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Title: Nuclear Behaviour In Heterokaryons : Genetic And Molecular Analysis Of (his-3+ his-3+) Heterokaryons Of Neurospora Crassa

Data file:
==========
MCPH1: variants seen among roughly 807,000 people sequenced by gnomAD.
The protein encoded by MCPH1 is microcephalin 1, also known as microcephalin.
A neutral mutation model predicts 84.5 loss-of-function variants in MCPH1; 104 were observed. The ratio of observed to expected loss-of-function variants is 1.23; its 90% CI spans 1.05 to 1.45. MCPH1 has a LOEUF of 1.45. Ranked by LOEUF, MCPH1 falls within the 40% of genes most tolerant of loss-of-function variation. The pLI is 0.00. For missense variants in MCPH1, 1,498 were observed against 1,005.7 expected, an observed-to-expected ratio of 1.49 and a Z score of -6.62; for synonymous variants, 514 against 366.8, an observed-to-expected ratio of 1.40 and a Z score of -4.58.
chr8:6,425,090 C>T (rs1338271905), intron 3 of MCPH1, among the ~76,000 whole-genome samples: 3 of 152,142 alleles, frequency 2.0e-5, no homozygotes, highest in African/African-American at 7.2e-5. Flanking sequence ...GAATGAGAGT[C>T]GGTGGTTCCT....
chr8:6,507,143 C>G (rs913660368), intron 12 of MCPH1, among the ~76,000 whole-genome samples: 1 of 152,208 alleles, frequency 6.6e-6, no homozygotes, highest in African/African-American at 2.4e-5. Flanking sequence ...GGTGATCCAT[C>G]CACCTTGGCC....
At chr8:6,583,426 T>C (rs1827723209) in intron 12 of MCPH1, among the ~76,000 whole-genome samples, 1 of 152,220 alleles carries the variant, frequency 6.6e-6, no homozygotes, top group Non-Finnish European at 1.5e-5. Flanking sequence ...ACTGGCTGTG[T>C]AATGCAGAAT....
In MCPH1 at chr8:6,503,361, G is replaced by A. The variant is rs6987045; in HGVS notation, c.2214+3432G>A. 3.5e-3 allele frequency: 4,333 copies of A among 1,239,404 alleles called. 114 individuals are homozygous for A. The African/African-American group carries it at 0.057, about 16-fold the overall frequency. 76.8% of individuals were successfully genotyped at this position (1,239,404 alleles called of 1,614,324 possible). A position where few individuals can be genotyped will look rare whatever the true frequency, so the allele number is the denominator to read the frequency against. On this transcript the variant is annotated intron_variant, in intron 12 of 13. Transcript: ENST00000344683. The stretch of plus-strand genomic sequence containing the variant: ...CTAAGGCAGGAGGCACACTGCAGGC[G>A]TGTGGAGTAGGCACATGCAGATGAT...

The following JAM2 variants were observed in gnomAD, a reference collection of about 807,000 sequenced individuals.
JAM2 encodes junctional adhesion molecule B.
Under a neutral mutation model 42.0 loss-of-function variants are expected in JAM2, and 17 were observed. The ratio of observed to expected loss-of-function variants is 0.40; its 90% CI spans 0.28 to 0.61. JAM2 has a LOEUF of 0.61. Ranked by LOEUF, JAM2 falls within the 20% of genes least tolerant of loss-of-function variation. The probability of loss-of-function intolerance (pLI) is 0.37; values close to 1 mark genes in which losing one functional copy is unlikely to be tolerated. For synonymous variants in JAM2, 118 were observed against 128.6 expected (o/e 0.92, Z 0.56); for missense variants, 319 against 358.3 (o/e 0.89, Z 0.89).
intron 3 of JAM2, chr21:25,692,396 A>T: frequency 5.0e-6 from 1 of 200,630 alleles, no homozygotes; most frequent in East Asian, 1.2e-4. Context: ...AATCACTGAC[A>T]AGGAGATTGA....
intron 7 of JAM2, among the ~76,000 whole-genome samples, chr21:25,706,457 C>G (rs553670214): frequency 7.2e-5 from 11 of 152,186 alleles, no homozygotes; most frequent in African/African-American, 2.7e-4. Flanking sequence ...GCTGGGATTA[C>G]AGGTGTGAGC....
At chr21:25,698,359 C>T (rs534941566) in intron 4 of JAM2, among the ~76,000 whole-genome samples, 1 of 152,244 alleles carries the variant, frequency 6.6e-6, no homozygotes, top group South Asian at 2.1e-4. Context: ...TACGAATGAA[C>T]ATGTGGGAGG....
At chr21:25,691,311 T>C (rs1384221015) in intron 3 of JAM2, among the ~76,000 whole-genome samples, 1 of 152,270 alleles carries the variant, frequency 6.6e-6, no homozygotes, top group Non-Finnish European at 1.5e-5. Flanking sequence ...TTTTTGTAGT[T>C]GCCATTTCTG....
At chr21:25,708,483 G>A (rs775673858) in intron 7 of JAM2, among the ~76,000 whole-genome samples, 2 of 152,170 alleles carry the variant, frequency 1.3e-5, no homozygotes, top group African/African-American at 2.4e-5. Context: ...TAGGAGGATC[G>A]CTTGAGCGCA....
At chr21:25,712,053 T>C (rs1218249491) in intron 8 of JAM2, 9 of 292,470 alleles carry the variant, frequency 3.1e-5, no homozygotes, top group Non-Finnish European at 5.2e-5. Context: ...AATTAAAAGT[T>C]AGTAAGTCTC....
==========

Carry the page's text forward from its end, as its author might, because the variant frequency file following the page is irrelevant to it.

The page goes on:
Authors: Pitchairnani, K
Advisors: Maheshwari, Ramesh
Submitted Date: Jun-2000
Publisher: Indian Institute of Science